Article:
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Synopsis: Henry III

 

The play opens with the dukes of Norfolk, Suffolk, and Buckingham discussing the recent meeting between England’s Henry VIII and Francis I of France. The nobles think too much money was spent on ostentatious show and that it did little good for peace. They also believe the conference was arranged by Cardinal Wolsey, mainly to increase his own great power. Like most of the nobility, Buckingham hates the low-born, arrogant cardinal and plans to denounce him to King Henry; but, before he can do so, Wolsey arrives and arrests Buckingham for high treason.

As the king and Wolsey prepare to hear the case against Buckingham, they are interrupted by Queen Katherine, who asks the king to remove a tax which Wolsey imposed upon the people. The king does so and chastens Wolsey, but the sly cardinal makes sure that he receives the credit for removing the tax. When the interruptions are over, the witness against Buckingham is brought in and testifies. King Henry orders that the duke be brought to trial immediately. That evening, however, the mood changes as the king attends a banquet given by the cardinal and meets Anne Bullen, with whom he is immediately smitten.

At the beginning of act 2, Buckingham is found guilty, thanks to Wolsey’s plotting, and goes to his execution. In the meantime more gossip is making the rounds: King Henry is considering a divorce from Queen Katherine. The people also see this as a plot of Wolsey’s, but it actually has its roots in the king’s fear that the marriage (which has produced no sons) is against the will of heaven because Katherine is his brother’s widow—and in the king’s recent obsession with Anne. King Henry makes arrangements for the divorce proceedings to begin; and, in the meantime, Anne learns that the king has given her a high position and a large annual income. The lord who informs her of this, hints that other honors may follow.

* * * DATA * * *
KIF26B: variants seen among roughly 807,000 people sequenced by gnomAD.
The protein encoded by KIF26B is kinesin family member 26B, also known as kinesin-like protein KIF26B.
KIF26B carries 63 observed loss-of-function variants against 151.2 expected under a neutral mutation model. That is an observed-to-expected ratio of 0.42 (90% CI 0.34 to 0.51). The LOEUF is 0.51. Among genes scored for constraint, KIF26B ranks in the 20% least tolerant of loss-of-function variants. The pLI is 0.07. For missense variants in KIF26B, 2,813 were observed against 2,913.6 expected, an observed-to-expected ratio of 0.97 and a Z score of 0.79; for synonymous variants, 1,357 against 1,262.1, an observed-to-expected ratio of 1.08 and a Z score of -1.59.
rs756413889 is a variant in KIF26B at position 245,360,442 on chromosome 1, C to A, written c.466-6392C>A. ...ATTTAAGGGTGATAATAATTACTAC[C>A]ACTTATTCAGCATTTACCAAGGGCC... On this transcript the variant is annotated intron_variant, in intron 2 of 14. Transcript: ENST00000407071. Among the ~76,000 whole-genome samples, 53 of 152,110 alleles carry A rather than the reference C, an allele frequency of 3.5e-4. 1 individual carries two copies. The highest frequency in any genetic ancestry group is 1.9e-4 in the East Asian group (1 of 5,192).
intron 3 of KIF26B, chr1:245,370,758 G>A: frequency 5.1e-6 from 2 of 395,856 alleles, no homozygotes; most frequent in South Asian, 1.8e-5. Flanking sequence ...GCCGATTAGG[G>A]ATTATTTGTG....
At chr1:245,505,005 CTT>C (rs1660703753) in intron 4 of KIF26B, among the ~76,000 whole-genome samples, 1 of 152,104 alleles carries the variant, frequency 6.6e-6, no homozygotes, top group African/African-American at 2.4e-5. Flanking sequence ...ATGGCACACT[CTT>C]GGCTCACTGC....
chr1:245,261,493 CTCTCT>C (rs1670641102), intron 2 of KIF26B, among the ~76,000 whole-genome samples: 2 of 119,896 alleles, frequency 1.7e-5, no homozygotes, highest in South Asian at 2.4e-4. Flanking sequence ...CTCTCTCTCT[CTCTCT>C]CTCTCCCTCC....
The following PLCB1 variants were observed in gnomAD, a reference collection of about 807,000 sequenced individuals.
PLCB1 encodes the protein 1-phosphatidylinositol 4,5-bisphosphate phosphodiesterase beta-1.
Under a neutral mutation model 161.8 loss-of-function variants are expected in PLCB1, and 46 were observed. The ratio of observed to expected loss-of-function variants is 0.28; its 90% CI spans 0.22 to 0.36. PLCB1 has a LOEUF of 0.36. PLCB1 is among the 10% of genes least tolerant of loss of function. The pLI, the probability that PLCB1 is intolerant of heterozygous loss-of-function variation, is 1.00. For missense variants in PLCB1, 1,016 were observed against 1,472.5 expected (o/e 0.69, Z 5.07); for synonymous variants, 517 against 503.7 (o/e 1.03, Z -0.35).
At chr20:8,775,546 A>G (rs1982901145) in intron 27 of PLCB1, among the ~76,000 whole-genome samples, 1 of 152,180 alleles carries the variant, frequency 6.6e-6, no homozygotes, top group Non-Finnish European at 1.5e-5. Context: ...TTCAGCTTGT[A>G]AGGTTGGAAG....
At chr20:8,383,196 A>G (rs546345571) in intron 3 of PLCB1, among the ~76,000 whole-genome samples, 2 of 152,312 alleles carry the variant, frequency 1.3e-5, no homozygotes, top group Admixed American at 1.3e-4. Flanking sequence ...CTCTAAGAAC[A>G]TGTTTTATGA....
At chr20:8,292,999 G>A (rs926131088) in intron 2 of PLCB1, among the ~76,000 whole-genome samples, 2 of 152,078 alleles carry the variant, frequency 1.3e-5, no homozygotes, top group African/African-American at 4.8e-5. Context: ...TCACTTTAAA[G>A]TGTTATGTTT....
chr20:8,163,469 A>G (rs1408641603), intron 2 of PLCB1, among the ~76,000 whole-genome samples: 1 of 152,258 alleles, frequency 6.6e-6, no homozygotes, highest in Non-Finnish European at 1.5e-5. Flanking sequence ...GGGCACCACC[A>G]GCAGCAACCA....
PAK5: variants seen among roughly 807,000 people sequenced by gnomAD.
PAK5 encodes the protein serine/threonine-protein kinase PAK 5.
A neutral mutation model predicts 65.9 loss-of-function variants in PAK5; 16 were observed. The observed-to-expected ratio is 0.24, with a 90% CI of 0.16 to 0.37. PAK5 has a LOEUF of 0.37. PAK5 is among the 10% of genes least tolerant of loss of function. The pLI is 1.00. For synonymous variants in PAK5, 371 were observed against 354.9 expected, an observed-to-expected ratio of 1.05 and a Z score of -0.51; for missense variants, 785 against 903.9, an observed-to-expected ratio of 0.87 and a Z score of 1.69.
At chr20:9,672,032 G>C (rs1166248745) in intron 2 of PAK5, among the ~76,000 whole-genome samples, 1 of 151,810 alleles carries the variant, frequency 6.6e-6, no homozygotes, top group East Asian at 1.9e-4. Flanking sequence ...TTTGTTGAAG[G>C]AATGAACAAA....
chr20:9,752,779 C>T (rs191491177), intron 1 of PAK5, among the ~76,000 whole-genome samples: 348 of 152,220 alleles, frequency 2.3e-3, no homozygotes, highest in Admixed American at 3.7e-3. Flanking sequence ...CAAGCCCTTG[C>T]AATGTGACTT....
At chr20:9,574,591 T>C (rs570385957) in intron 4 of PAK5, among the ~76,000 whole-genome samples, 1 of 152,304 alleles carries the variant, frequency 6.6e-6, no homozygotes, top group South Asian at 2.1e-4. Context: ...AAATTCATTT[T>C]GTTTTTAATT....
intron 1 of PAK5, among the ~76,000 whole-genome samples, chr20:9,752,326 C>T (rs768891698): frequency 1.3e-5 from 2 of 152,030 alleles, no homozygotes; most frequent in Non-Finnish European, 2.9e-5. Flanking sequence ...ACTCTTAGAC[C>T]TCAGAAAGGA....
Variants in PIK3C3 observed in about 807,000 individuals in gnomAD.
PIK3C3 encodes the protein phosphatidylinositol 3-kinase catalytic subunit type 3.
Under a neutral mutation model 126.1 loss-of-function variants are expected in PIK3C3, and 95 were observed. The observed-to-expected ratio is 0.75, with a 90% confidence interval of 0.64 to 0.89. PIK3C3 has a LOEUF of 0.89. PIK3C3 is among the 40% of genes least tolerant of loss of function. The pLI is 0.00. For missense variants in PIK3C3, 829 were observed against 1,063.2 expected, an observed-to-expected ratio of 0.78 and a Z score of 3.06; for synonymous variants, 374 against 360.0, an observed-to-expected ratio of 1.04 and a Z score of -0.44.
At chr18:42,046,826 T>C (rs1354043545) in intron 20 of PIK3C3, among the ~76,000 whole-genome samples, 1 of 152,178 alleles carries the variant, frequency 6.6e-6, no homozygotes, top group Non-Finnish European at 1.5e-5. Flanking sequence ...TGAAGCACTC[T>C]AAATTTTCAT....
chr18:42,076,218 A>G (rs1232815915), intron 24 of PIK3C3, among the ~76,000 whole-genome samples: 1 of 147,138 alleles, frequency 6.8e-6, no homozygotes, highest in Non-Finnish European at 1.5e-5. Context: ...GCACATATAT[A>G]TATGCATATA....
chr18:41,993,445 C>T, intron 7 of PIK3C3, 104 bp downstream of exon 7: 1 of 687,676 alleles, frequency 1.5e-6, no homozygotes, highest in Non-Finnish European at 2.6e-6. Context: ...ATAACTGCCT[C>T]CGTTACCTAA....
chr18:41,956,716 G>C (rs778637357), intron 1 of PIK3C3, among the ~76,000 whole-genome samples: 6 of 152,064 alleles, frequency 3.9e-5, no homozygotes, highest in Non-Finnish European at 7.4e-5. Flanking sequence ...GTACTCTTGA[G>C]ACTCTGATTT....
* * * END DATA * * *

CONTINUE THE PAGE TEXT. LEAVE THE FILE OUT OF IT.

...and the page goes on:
At the divorce hearing Katherine accuses Wolsey of turning Henry against her and refuses to submit to the court’s will; she will appeal to a higher authority, the pope.

Quickly now the action begins to gain momentum as Wolsey’s downfall is set into motion: he accidentally sends the king an inventory of his own great wealth among some state papers, infuriating the king. In the meantime, Thomas Cranmer has gathered scholarly opinions that the divorce from the queen is legal. Henry dismisses Wolsey, names Cranmer the archbishop of Canterbury, and marries the Protestant Anne, thus changing the religion of England forever. Anne Bullen is quickly crowned queen, while Katherine, now bearing the title “princess dowager,” lies ill. After learning of Wolsey’s arrest and death, she has a dream which seems to foretell her own death. She makes her final wishes known to those around her and leaves to die.

The action of the play jumps forward in time now: Queen Anne is in childbirth, while Cranmer’s enemies at court are making numerous accusations against him and have him brought to trial on charges of heresy. King Henry still supports Cranmer and gives him a ring as a sign of royal favor which Cranmer is to show the court if his other defenses fail. As Cranmer leaves for the trial, Henry learns that Anne has given birth—but to a girl.

The council tries Cranmer as King Henry watches, hidden from view. Determined to find the archbishop guilty, the council refuses to identify Cranmer’s accusers. Cranmer, seeing that he is being framed, displays the king’s ring, and the king enters to defend his archbishop. The charges against Cranmer are dismissed, and the king requests him to be godfather at the christening of the new princess. The play ends as the child—the future Queen Elizabeth--is christened, and Cranmer predicts a long and happy reign for her and a glorious future for England.

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